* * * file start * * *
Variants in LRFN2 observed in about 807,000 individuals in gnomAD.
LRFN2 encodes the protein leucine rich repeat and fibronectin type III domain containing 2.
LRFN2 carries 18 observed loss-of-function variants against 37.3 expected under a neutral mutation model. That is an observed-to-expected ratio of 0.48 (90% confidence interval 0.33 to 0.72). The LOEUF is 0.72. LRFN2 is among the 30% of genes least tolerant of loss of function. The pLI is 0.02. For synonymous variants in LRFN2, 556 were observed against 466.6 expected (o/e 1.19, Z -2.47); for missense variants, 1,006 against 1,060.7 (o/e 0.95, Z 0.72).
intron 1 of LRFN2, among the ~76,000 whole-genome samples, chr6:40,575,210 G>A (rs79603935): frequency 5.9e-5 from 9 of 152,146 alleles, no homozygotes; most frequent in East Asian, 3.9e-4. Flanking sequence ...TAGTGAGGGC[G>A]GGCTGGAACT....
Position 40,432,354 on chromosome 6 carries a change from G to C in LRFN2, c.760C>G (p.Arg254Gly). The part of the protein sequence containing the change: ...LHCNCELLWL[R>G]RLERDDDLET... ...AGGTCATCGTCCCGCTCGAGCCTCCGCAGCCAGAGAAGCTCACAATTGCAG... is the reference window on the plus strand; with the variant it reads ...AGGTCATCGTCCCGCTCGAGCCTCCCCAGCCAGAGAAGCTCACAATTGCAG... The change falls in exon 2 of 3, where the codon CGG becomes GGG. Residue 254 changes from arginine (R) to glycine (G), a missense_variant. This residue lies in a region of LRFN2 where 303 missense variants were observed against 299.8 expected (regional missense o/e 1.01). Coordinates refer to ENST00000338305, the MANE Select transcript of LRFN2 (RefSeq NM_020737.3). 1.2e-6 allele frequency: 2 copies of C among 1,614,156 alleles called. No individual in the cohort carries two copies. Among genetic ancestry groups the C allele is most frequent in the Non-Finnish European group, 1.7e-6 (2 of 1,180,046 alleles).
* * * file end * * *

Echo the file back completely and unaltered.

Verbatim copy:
Variants in LRFN2 observed in about 807,000 individuals in gnomAD.
LRFN2 encodes the protein leucine rich repeat and fibronectin type III domain containing 2.
LRFN2 carries 18 observed loss-of-function variants against 37.3 expected under a neutral mutation model. That is an observed-to-expected ratio of 0.48 (90% confidence interval 0.33 to 0.72). The LOEUF is 0.72. LRFN2 is among the 30% of genes least tolerant of loss of function. The pLI is 0.02. For synonymous variants in LRFN2, 556 were observed against 466.6 expected (o/e 1.19, Z -2.47); for missense variants, 1,006 against 1,060.7 (o/e 0.95, Z 0.72).
intron 1 of LRFN2, among the ~76,000 whole-genome samples, chr6:40,575,210 G>A (rs79603935): frequency 5.9e-5 from 9 of 152,146 alleles, no homozygotes; most frequent in East Asian, 3.9e-4. Flanking sequence ...TAGTGAGGGC[G>A]GGCTGGAACT....
Position 40,432,354 on chromosome 6 carries a change from G to C in LRFN2, c.760C>G (p.Arg254Gly). The part of the protein sequence containing the change: ...LHCNCELLWL[R>G]RLERDDDLET... ...AGGTCATCGTCCCGCTCGAGCCTCCGCAGCCAGAGAAGCTCACAATTGCAG... is the reference window on the plus strand; with the variant it reads ...AGGTCATCGTCCCGCTCGAGCCTCCCCAGCCAGAGAAGCTCACAATTGCAG... The change falls in exon 2 of 3, where the codon CGG becomes GGG. Residue 254 changes from arginine (R) to glycine (G), a missense_variant. This residue lies in a region of LRFN2 where 303 missense variants were observed against 299.8 expected (regional missense o/e 1.01). Coordinates refer to ENST00000338305, the MANE Select transcript of LRFN2 (RefSeq NM_020737.3). 1.2e-6 allele frequency: 2 copies of C among 1,614,156 alleles called. No individual in the cohort carries two copies. Among genetic ancestry groups the C allele is most frequent in the Non-Finnish European group, 1.7e-6 (2 of 1,180,046 alleles).